“Last summer, LALIFF, and Netflix united to uplift the Afro Latino voices within our filmmaking community with the goal of moving Latino representation forward. As we move on to the second year of this crucial work, we are proud to continue our Afro Latino-focused fellowship, while at the same time adding a brand new cohort to our work— Indigenous Latinos,” says Academy Award-nominated actor, founder of the Latino Film Institute and co-founder of LALIFF, Edward James Olmos.

Read here

Latinx Writers Couldn’t Get Hollywood’s Attention. So They Came Up With Another Way

Photography of Dominique Nieves, Janet Quinonez and Jessica Buentello surrounded by a colorful frame

Courtesy of Somos Libres

During last year’s Latinx Heritage Month, Nuyorican actor and filmmaker Dominique Nieves launched a mentorship initiative for up-and-coming Latinx television writers having a harder-than-normal time getting their foot in the door. Using the hashtag #ReadLatinxWriters, Nieves issued a call on Twitter for established industry professionals willing to read scripts from Latinx writers and provide feedback. Then, she deployed the hashtag to encourage aspiring writers to sign up for mentorships. 
Through #ReadLatinxWriters, Nieves wound up pairing nearly 200 writers with mentors, including showrunners and executives from major studios like Walt Disney and 20th Television. The connections were so rewarding that Nieves is organizing another batch for a second cohort of mentees.
“To sit on a call with someone who says, ‘What can I do to help you?’ … from a showrunner, that’s unbelievable. That doesn’t happen,” says Janet Quiñonez, a Mexican-American writer that was paired with Jaclyn P. Moore, producer and writer for Netflix’s Dear White People and Peacock’s Queer as Folk.

Read the full story here

“I didn’t feel wanted by student media”: Few Black and Latinx students are editors of top college newspapers

Courtesy of Nieman Lab

Of the 73 editors-in-chief at award-winning college newsrooms in the Spring 2021 semester, less than 6% were Black, and approximately 10% were Latinx — significantly less than their share of the college population. In 2012, Marissa Evans wanted to make history when she applied to be editor-in-chief at Marquette University’s student newspaper, the Marquette Tribune.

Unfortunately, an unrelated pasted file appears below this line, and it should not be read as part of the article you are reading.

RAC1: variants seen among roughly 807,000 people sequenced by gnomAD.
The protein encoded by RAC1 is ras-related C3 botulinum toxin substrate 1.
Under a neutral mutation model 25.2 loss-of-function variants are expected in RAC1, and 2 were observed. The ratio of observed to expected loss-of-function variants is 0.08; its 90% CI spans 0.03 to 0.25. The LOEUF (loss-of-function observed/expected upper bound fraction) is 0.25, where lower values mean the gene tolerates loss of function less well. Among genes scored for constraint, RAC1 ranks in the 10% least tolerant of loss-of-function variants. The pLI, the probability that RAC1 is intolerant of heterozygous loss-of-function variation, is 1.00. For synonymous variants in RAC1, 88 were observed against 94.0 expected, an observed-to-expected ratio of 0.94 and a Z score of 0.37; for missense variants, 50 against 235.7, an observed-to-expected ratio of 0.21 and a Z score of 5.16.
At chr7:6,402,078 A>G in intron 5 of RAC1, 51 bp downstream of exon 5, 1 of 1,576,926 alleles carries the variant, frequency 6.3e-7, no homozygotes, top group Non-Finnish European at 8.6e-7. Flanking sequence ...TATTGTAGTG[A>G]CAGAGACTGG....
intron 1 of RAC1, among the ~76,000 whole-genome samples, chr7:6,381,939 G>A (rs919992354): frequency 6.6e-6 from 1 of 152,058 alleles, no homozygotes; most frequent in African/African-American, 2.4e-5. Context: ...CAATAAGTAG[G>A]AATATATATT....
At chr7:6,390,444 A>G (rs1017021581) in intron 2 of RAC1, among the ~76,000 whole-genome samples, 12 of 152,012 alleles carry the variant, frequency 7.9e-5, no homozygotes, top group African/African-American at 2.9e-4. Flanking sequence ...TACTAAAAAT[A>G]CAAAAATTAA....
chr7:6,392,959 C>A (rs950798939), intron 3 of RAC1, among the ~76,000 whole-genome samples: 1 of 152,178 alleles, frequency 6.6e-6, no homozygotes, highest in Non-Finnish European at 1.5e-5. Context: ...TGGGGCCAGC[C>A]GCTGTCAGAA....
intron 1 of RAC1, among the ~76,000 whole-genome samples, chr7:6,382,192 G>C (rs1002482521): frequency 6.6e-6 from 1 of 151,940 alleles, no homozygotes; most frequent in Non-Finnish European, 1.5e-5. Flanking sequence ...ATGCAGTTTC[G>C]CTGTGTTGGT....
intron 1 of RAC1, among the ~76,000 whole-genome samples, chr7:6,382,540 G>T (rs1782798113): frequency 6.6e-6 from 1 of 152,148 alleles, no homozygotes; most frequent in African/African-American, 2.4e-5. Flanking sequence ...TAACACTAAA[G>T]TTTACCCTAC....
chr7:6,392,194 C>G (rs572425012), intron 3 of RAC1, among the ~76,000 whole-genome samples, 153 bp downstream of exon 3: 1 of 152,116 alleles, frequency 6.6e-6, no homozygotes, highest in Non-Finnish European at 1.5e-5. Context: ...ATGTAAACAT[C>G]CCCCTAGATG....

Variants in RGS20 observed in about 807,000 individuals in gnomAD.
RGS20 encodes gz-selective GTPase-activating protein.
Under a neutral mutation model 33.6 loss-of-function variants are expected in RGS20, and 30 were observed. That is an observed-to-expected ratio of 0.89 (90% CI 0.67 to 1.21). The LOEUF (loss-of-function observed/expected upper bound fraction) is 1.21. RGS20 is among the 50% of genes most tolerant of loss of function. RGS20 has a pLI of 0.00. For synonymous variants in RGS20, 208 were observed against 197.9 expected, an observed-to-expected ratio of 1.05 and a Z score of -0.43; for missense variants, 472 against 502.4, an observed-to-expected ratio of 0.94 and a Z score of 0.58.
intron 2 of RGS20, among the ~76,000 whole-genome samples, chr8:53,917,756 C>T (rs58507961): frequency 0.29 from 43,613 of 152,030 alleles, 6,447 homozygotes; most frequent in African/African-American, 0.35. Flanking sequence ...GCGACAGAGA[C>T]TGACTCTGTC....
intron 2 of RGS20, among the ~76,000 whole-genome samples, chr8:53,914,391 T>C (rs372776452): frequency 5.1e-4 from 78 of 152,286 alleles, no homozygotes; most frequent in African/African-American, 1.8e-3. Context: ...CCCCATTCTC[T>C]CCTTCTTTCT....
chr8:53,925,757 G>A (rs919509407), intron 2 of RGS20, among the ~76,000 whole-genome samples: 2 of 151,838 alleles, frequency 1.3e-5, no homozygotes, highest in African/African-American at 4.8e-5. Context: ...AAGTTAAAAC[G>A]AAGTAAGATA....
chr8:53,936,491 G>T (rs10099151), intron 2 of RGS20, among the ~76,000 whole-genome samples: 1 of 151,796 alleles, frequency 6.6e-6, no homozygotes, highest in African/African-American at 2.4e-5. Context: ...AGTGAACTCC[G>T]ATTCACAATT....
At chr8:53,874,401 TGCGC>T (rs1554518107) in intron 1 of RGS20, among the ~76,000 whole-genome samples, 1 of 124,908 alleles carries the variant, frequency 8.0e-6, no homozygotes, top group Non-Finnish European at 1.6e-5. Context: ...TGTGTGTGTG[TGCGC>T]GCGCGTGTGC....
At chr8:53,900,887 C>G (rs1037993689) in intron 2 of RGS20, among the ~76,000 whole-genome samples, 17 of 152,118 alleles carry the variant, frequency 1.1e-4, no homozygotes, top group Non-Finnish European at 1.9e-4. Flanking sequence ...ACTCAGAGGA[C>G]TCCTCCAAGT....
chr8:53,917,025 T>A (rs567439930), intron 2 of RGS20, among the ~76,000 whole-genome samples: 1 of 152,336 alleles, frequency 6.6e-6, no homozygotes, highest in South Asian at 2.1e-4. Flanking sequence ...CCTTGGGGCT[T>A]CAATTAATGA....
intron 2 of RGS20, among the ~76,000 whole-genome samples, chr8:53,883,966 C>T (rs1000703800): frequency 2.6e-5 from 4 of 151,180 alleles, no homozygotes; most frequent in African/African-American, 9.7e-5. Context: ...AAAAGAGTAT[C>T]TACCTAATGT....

If she got the job, she would become the second Black person — and first Black woman — to lead the Tribune since the paper was founded in 1916. Black students comprise less than 5% of the student body at the private university in Milwaukee, where Black residents make up 38% of the city’s population.

Besides having worked two years at the Marquette Tribune, Evans had already completed four internships and was an alumna of the prestigious New York Times Student Journalism Institute. By the time she applied for the editor position at the end of her junior year, she had already been selected for an internship at the Washington Post for that upcoming summer.

Read more here

Gloria Estefan on Latino representation in Hollywood: 'We have to keep talking about it'

Courtesy of Facebook Watch

Diversity is the buzziest sentiment in Hollywood. But statistics indicate not enough action has happened beyond the word for many communities – especially for Hispanics and Latinos. Across 1,300 of the top box office films between 2007 and 2019, just 48 lead or co-lead roles were Hispanic or Latino – just 3.5%, even though they make up 18.7% of the U.S. population, according to a recent University of Southern California study. And despite overdue representation in this year's Emmy nominations, Hispanics and Latinos failed to win any acting awards.

"The bottom line is, we have to keep talking about it," singer Gloria Estefan said in an interview. "We have to keep it in the news. We have to keep it in people's psyche." 

Read more here.